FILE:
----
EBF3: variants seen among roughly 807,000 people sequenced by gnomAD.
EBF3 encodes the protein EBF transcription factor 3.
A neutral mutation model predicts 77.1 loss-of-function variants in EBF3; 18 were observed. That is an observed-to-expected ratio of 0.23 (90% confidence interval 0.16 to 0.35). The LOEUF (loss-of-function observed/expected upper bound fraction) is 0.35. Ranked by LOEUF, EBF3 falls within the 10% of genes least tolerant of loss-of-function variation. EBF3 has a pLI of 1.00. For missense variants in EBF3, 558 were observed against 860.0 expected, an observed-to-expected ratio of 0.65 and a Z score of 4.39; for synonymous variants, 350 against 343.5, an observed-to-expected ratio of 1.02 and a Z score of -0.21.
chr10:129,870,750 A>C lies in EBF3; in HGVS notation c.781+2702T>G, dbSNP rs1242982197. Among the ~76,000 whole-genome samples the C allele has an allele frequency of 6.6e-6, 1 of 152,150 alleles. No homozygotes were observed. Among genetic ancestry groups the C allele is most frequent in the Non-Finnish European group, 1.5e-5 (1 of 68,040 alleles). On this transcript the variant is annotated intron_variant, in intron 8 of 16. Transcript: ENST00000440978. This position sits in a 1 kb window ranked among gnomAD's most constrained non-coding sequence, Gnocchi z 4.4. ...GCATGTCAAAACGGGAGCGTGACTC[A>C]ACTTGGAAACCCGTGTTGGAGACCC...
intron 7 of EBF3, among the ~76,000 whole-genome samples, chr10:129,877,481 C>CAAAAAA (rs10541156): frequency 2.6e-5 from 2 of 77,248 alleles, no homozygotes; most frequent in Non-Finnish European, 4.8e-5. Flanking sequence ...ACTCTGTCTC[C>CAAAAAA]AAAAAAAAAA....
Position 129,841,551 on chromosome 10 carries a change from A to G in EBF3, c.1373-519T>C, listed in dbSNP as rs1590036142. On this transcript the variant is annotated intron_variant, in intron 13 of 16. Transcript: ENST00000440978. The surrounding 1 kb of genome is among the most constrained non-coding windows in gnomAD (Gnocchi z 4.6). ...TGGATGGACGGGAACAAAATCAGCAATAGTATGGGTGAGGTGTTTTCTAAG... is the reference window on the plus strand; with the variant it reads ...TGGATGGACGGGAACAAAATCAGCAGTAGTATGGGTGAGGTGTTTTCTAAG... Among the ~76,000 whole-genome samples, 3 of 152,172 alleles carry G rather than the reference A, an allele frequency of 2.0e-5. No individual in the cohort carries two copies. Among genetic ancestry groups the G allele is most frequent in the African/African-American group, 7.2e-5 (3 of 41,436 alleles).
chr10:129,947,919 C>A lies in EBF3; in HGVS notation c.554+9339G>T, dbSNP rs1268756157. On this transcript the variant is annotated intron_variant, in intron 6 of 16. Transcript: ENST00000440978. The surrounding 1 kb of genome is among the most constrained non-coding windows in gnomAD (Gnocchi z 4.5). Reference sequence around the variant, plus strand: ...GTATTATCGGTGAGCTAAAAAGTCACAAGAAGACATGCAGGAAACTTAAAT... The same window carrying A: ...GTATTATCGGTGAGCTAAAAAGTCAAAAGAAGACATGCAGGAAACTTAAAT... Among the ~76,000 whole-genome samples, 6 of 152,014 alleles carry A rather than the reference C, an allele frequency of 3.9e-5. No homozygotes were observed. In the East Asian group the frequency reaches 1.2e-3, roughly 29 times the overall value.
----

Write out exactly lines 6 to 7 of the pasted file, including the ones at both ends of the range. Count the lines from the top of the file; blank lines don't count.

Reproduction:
Position 129,841,551 on chromosome 10 carries a change from A to G in EBF3, c.1373-519T>C, listed in dbSNP as rs1590036142. On this transcript the variant is annotated intron_variant, in intron 13 of 16. Transcript: ENST00000440978. The surrounding 1 kb of genome is among the most constrained non-coding windows in gnomAD (Gnocchi z 4.6). ...TGGATGGACGGGAACAAAATCAGCAATAGTATGGGTGAGGTGTTTTCTAAG... is the reference window on the plus strand; with the variant it reads ...TGGATGGACGGGAACAAAATCAGCAGTAGTATGGGTGAGGTGTTTTCTAAG... Among the ~76,000 whole-genome samples, 3 of 152,172 alleles carry G rather than the reference A, an allele frequency of 2.0e-5. No individual in the cohort carries two copies. Among genetic ancestry groups the G allele is most frequent in the African/African-American group, 7.2e-5 (3 of 41,436 alleles).
chr10:129,947,919 C>A lies in EBF3; in HGVS notation c.554+9339G>T, dbSNP rs1268756157. On this transcript the variant is annotated intron_variant, in intron 6 of 16. Transcript: ENST00000440978. The surrounding 1 kb of genome is among the most constrained non-coding windows in gnomAD (Gnocchi z 4.5). Reference sequence around the variant, plus strand: ...GTATTATCGGTGAGCTAAAAAGTCACAAGAAGACATGCAGGAAACTTAAAT... The same window carrying A: ...GTATTATCGGTGAGCTAAAAAGTCAAAAGAAGACATGCAGGAAACTTAAAT... Among the ~76,000 whole-genome samples, 6 of 152,014 alleles carry A rather than the reference C, an allele frequency of 3.9e-5. No homozygotes were observed. In the East Asian group the frequency reaches 1.2e-3, roughly 29 times the overall value.